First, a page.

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Has GaN Pushed LDMOS into Irrelevance?

Jan. 10, 2019
With gallium-nitride technology getting all of the hype, it’s worthwhile to look at where LDMOS now stands.

Back in July 2015, I wrote a column titled “GaN Taking Control” that discussed the increasing utilization of gallium-nitride (GaN) technology. Today, no one can question the impact that GaN technology has had on the RF/microwave industry. But with GaN receiving so much attention, where does this leave laterally diffused metal-oxide semiconductor—LDMOS—technology? Has LDMOS been completely pushed aside?

LDMOS technology has dominated the wireless infrastructure arena, but is that changing? The answer to that question is yes—at least, according to a recent article titled, “Realizing 5G Sub-6-GHz Massive MIMO Using GaN.” The authors, Qorvo’s David Schnaufer and Bror Peterson, point out that “high output power, linearity, and power-consumption requirements are pushing base-station and network original equipment manufacturers (OEMs) to switch from using LDMOS technology for power amplifiers (PAs) to gallium nitride (GaN).”

The article also states that “GaN performs well at 3.5-GHz frequencies and above, while LDMOS is challenged at these high frequencies.” The additional benefits of GaN are beyond the scope of this column, but I think you get the idea (check out the article for more).

So, does the emphasis on GaN mean that LDMOS is no longer relevant? That doesn’t appear to be the case, as LDMOS still figures to find homes in some applications. Of course, choosing the appropriate technology depends on the specific application at hand—and there are scenarios in which LDMOS may still be the way to go.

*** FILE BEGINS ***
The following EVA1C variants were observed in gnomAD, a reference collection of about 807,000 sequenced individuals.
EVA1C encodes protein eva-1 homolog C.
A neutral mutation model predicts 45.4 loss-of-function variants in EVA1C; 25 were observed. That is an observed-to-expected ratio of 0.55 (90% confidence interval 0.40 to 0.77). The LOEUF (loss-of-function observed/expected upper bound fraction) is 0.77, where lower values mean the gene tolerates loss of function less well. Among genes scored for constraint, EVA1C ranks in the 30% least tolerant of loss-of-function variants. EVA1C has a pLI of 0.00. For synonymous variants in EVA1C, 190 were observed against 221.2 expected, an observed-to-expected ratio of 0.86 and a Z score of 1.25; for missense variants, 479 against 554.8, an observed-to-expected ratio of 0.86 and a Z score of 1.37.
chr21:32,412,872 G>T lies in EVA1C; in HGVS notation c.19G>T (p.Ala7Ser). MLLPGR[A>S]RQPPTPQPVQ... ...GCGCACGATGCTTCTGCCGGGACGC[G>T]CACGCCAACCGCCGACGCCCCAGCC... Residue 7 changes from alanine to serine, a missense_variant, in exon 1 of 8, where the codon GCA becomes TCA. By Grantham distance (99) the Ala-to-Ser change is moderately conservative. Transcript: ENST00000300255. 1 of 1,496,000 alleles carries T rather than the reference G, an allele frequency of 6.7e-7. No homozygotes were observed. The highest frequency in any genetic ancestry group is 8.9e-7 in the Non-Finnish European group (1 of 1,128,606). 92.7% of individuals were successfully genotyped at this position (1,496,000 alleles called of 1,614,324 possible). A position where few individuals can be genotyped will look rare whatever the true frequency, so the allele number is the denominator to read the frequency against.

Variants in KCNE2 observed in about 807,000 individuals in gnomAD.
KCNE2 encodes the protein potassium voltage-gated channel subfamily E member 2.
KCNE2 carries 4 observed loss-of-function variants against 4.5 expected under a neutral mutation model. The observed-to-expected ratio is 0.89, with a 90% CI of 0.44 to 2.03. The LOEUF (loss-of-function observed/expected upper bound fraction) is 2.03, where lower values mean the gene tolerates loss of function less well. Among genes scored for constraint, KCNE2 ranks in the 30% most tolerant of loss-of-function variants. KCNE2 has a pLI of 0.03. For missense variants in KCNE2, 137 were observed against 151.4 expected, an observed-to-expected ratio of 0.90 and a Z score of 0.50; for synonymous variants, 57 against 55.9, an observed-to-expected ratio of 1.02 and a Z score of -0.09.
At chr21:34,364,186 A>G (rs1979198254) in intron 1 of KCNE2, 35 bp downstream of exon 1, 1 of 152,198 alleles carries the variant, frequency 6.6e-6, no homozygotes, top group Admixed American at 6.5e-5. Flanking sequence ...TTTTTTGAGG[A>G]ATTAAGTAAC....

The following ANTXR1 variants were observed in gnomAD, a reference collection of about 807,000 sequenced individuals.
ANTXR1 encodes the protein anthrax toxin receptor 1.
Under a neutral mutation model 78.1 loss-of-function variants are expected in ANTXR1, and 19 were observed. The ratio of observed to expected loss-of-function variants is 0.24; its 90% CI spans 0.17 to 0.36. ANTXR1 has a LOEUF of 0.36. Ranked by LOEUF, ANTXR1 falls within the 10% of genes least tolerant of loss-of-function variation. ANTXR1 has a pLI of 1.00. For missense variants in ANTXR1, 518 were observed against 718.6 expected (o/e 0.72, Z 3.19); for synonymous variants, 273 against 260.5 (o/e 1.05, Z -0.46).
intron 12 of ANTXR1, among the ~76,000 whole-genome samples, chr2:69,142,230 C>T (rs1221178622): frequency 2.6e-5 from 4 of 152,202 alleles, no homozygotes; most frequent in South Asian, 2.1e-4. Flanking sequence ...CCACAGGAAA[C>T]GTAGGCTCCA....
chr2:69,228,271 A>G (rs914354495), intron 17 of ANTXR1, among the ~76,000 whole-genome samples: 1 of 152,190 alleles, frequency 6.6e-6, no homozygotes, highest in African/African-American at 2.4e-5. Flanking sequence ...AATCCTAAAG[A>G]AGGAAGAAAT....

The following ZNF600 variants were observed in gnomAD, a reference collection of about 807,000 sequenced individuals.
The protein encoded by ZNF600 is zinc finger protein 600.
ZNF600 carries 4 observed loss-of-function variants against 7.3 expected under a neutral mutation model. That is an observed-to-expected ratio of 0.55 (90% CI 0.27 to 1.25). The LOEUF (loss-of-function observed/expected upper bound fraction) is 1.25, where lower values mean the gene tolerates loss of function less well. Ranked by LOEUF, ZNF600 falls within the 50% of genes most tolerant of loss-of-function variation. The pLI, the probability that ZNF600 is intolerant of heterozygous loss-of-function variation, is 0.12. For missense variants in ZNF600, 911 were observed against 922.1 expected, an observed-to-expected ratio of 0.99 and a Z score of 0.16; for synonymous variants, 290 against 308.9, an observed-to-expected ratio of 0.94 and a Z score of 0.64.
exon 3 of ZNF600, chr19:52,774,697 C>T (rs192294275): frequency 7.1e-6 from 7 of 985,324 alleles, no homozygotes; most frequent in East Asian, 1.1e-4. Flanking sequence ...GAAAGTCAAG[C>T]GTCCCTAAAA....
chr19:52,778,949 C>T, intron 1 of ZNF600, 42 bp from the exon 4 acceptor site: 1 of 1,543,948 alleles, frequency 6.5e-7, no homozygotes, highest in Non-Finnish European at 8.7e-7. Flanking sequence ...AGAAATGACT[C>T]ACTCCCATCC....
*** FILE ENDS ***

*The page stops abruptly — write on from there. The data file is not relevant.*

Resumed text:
Take radar applications, for example. Last year, Integra Technologies published a tech brief titled, “Zero-in on the Best RF Transistor Technology for Your Radar’s High Power Amplifier Designs.” The brief explains the advantages and disadvantages of different transistor technologies that one must consider when selecting a technology for high-power applications. The point is that the requirements of an application ultimately determine the appropriate technology to use—and LDMOS is one of those technologies.

If LDMOS is still going strong, it’s a good idea to stay up-to-date about any new products that have hit the market. For instance, there’s the MRFX Series high-power products from NXP. The MRFX Series is based on NXP’s 65-V LDMOS technology, which the company says offers a number of advantages.

Is LDMOS dead? The answer appears to be a resounding “no.” Though LDMOS may not have quite the same standing it once had, the current prognosis is that it’s alive and well.

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